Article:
Think “troubled mortgages” and the first name that pops to mind is likely Bank of America (NYSE:BAC). Unfortunately it does not look like this stigma is going away for the troubled bank anytime soon. As if the long list of mortgage-related lawsuits against the bank was not enough, Bank of America could now be in some trouble with the Federal National Mortgage Association (FNMA), also known as Fannie Mae. The government-sponsored enterprise stopped just short of blaming the bank outright for its dismal performance in Q4 2011.  Fannie Mae wants Bank of America to honor repurchase requests worth $5.5 billion at the end of 2011 – a figure that equals a whopping 60% of all of Fannie’s repurchase requests. In contrast, Bank of America’s competitors JPMorgan Chase (NYSE:JPM), Citigroup (NYSE:C) and Wells Fargo (NYSE:WFC) have $1.1 billion, $917 million and $830 million respectively in outstanding repurchase requests from Fannie Mae.
For now, we stick to our $8.50 price estimate for Bank of America’s stock which is about 5% above the current market price. But we acknowledge that there is some downside to this value should the bank be forced to repurchase all or a large part of this disputed mortgage portfolio.
- How Much Did The 5 Largest U.S. Investment Banks Make Through Equity Trading In Q1 2016?
- How Much Did The 5 Largest U.S. Investment Banks Make Through FICC Trading Activities In Q1 2016?
- How Are Deposits At The Largest U.S. Banks Trending?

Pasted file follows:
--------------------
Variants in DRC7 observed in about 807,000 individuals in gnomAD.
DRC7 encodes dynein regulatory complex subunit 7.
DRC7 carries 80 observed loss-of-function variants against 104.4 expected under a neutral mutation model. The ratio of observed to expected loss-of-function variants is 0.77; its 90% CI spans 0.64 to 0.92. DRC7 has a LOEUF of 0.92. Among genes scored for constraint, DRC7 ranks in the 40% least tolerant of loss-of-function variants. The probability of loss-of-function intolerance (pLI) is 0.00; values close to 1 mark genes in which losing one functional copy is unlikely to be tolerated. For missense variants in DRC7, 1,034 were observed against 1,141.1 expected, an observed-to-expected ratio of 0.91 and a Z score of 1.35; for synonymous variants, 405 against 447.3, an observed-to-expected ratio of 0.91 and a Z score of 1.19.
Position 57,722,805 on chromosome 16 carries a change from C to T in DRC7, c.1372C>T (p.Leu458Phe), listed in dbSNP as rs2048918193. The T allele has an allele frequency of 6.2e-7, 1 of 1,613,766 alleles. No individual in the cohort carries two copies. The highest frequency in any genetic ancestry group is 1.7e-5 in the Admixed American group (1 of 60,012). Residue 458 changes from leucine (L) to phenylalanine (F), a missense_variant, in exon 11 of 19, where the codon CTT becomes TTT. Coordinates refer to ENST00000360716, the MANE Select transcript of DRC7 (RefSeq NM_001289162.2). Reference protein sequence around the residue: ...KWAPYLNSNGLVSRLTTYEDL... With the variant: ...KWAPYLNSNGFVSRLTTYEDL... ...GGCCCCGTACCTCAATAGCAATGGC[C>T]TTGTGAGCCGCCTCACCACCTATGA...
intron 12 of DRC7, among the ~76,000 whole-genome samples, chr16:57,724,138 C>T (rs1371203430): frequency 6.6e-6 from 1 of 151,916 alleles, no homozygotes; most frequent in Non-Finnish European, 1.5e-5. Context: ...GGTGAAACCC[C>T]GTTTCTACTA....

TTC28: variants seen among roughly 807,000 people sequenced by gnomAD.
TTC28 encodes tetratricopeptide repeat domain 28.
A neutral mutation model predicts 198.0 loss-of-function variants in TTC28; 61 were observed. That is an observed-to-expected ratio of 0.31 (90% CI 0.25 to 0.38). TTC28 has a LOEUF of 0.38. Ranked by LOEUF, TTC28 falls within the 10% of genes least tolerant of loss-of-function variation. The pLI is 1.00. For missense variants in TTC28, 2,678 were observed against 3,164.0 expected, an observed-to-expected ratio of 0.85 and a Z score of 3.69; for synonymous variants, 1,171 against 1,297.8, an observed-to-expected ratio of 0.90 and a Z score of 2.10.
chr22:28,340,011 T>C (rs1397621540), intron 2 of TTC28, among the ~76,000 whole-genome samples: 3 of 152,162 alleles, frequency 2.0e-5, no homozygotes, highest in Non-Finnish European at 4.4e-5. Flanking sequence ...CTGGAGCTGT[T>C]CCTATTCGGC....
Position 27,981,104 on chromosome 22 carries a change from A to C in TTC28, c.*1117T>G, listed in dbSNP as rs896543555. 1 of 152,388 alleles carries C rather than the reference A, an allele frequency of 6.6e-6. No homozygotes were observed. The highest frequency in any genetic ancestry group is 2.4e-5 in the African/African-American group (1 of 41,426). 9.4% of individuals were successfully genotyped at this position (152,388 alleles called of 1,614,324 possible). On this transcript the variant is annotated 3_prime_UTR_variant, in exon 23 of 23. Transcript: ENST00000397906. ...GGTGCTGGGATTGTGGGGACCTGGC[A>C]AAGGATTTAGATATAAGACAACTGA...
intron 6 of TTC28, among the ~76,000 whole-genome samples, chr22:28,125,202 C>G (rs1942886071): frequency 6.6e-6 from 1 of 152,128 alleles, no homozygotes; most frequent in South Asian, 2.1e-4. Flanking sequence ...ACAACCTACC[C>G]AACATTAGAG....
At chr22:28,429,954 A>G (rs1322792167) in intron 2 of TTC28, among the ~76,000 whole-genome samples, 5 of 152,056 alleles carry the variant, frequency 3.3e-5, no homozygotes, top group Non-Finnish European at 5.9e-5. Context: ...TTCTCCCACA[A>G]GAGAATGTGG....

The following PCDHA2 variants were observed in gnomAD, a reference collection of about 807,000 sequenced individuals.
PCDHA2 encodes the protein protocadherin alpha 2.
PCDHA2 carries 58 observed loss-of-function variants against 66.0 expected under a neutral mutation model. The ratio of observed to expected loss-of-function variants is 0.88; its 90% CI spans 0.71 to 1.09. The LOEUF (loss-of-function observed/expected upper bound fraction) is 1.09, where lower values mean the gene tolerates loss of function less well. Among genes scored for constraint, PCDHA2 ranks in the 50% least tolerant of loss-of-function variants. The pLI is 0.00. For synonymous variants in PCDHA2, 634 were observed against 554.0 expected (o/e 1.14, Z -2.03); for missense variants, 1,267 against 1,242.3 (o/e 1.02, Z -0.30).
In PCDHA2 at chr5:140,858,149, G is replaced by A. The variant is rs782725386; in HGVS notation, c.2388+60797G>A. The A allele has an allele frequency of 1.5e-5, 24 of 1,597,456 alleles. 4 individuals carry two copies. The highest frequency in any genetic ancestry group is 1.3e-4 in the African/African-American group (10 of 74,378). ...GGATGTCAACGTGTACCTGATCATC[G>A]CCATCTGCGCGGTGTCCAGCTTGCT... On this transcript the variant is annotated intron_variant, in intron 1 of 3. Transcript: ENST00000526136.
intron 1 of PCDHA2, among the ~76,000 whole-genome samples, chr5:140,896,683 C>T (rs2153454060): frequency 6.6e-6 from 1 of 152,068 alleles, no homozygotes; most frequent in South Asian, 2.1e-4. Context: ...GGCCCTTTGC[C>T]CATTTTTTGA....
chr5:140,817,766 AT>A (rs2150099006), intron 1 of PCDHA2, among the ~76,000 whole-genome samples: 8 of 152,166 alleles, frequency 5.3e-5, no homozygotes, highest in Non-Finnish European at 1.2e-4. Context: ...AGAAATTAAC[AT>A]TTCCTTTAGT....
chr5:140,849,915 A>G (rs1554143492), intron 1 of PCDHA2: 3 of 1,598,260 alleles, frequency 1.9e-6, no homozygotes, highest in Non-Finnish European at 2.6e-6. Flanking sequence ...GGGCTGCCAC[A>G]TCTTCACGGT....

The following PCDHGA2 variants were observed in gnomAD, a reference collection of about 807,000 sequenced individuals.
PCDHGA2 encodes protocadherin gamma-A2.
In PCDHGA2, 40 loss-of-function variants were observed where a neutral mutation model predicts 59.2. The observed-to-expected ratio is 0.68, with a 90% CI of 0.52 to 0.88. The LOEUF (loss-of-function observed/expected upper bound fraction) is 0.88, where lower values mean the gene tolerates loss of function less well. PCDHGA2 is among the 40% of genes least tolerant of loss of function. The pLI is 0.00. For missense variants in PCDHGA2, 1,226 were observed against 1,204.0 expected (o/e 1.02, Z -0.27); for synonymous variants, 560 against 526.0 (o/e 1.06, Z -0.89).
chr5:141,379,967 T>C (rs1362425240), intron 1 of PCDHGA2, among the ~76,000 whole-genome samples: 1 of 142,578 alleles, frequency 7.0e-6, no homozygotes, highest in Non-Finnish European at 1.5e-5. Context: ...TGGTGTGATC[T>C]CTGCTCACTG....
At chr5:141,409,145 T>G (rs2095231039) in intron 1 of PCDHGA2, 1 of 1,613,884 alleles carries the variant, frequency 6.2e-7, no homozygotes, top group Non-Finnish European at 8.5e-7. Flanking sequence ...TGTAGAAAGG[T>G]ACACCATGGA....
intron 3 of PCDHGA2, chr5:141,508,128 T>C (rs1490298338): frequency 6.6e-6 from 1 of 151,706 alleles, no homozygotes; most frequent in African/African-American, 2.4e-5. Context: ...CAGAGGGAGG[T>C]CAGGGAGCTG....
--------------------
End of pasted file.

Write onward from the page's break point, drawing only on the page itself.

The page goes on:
- How Much In Domestic and Foreign Loans Do The Largest U.S. Banks Hold?
- How Much Of Total U.S. Deposits Are Held By The 5 Largest U.S. Banks?
- How Much In Domestic And Foreign Deposits Do The Largest U.S. Banks Hold?
Mortgage insurers reportedly rejected 25% more insurance claims last year than they did in 2010, forcing Fannie Mae to hand out substantially more repurchase requests to the country’s largest mortgage originators.  And Bank of America’s ailing mortgage business, which went from bad to worse with the acquisition of Countrywide, obviously figures at the top.
Bank of America incurred mortgage-related settlement, provision and other litigation expenses of nearly $20 billion in 2011 – more than the $13 billion and $15 billion in similar costs for 2009 and 2010, respectively. If Fannie Mae has its way, this figure will end up elevated for 2012 as well.
To make matters worse, Fannie Mae intends to reduce the deadline for banks to appeal against an insurer’s denial from the current 90 days to 30 days starting in July. This would just add to the pressure on Bank of America to begin repurchasing these disputed mortgages.Notes:
- BofA Clash With Fannie Intensifies as Insurers Reject Loans, Bloomberg, Mar 3 2012 [↩] [↩]